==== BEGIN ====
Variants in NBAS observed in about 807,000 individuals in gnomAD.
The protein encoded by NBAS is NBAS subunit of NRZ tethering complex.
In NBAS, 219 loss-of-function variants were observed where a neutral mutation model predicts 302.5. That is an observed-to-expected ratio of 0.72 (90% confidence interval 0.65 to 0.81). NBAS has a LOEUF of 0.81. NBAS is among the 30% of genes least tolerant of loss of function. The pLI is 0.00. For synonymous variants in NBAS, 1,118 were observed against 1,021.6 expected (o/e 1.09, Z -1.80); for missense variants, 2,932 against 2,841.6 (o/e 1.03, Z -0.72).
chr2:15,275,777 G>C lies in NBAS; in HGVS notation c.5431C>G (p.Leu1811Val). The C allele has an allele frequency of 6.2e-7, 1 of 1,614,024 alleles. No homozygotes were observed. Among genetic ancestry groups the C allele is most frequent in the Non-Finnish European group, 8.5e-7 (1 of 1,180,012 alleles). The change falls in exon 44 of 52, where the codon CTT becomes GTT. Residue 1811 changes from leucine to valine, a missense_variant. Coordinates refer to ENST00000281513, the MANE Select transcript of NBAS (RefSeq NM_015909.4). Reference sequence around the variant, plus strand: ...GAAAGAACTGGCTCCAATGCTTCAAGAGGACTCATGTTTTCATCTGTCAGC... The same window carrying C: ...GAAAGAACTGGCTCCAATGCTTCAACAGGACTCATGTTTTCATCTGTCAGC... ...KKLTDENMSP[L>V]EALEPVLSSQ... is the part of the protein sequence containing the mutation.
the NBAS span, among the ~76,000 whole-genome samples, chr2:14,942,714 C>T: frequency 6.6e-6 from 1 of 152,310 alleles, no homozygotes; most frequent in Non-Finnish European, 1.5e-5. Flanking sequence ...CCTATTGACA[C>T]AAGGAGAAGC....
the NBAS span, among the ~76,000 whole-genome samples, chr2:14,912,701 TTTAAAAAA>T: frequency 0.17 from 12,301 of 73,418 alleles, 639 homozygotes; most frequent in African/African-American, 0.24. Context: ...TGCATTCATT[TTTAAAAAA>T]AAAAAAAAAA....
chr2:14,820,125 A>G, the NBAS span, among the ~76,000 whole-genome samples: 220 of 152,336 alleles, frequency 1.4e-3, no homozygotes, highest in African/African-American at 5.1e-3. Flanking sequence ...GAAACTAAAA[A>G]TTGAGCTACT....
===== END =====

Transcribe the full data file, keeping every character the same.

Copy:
Variants in NBAS observed in about 807,000 individuals in gnomAD.
The protein encoded by NBAS is NBAS subunit of NRZ tethering complex.
In NBAS, 219 loss-of-function variants were observed where a neutral mutation model predicts 302.5. That is an observed-to-expected ratio of 0.72 (90% confidence interval 0.65 to 0.81). NBAS has a LOEUF of 0.81. NBAS is among the 30% of genes least tolerant of loss of function. The pLI is 0.00. For synonymous variants in NBAS, 1,118 were observed against 1,021.6 expected (o/e 1.09, Z -1.80); for missense variants, 2,932 against 2,841.6 (o/e 1.03, Z -0.72).
chr2:15,275,777 G>C lies in NBAS; in HGVS notation c.5431C>G (p.Leu1811Val). The C allele has an allele frequency of 6.2e-7, 1 of 1,614,024 alleles. No homozygotes were observed. Among genetic ancestry groups the C allele is most frequent in the Non-Finnish European group, 8.5e-7 (1 of 1,180,012 alleles). The change falls in exon 44 of 52, where the codon CTT becomes GTT. Residue 1811 changes from leucine to valine, a missense_variant. Coordinates refer to ENST00000281513, the MANE Select transcript of NBAS (RefSeq NM_015909.4). Reference sequence around the variant, plus strand: ...GAAAGAACTGGCTCCAATGCTTCAAGAGGACTCATGTTTTCATCTGTCAGC... The same window carrying C: ...GAAAGAACTGGCTCCAATGCTTCAACAGGACTCATGTTTTCATCTGTCAGC... ...KKLTDENMSP[L>V]EALEPVLSSQ... is the part of the protein sequence containing the mutation.
the NBAS span, among the ~76,000 whole-genome samples, chr2:14,942,714 C>T: frequency 6.6e-6 from 1 of 152,310 alleles, no homozygotes; most frequent in Non-Finnish European, 1.5e-5. Flanking sequence ...CCTATTGACA[C>T]AAGGAGAAGC....
the NBAS span, among the ~76,000 whole-genome samples, chr2:14,912,701 TTTAAAAAA>T: frequency 0.17 from 12,301 of 73,418 alleles, 639 homozygotes; most frequent in African/African-American, 0.24. Context: ...TGCATTCATT[TTTAAAAAA>T]AAAAAAAAAA....
chr2:14,820,125 A>G, the NBAS span, among the ~76,000 whole-genome samples: 220 of 152,336 alleles, frequency 1.4e-3, no homozygotes, highest in African/African-American at 5.1e-3. Flanking sequence ...GAAACTAAAA[A>G]TTGAGCTACT....